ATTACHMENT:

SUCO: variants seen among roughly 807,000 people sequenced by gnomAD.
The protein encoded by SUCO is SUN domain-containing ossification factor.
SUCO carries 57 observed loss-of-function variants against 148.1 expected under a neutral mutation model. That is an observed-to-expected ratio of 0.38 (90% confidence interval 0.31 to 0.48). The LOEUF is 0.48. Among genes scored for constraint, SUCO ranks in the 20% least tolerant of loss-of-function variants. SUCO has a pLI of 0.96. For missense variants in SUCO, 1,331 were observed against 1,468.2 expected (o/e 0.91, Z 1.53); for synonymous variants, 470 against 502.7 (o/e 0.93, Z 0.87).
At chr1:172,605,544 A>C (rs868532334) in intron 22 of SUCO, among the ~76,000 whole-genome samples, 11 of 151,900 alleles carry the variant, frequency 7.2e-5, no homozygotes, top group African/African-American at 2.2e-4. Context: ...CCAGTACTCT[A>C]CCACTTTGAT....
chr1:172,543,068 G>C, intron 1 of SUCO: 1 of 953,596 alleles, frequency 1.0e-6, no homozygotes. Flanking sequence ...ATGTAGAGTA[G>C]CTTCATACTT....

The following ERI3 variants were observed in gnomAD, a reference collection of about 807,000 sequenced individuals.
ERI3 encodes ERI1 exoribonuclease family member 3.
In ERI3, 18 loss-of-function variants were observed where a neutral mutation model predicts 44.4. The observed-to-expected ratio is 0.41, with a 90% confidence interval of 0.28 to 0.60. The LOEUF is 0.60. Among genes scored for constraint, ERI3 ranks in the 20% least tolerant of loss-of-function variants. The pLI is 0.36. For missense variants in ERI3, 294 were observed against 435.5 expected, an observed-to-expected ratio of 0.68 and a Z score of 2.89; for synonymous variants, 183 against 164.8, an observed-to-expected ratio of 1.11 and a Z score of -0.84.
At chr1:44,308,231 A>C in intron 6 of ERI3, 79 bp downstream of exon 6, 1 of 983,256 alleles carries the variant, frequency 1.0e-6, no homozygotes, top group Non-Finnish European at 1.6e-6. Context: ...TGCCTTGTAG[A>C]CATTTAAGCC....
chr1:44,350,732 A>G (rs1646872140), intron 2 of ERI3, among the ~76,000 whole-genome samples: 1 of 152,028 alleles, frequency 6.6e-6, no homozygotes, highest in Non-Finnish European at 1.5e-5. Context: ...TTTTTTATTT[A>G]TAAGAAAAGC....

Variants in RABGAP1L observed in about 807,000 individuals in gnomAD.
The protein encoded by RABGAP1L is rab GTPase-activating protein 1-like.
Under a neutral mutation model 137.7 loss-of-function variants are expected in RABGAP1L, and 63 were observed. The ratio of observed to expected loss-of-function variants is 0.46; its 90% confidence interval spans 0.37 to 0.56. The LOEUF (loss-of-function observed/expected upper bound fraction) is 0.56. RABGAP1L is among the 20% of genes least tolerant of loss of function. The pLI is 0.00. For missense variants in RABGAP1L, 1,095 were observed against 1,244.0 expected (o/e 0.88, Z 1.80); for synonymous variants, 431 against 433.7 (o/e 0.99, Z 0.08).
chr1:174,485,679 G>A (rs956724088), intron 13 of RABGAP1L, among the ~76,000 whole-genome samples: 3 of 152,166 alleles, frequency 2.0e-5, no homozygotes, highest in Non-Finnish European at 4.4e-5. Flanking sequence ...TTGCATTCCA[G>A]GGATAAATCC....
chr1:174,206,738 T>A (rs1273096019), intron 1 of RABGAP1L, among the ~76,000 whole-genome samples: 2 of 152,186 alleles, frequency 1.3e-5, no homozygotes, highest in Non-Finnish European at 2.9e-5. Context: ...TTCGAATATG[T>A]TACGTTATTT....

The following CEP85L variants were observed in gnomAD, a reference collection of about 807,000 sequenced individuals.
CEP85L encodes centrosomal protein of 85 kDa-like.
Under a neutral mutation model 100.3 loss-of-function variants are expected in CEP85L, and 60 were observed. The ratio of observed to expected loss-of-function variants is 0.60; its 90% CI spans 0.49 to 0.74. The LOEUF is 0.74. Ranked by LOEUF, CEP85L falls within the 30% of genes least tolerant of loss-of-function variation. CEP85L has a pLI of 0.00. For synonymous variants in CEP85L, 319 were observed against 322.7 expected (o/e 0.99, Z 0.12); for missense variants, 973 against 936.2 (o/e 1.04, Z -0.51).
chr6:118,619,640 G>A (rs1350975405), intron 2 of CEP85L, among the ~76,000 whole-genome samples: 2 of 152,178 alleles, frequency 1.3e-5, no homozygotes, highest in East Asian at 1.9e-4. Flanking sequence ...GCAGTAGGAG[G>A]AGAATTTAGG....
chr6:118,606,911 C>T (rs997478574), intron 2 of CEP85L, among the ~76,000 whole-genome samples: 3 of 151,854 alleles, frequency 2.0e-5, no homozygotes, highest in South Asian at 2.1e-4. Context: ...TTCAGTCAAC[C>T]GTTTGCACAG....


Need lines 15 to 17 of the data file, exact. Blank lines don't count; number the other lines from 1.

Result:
chr1:174,206,738 T>A (rs1273096019), intron 1 of RABGAP1L, among the ~76,000 whole-genome samples: 2 of 152,186 alleles, frequency 1.3e-5, no homozygotes, highest in Non-Finnish European at 2.9e-5. Context: ...TTCGAATATG[T>A]TACGTTATTT....

The following CEP85L variants were observed in gnomAD, a reference collection of about 807,000 sequenced individuals.
CEP85L encodes centrosomal protein of 85 kDa-like.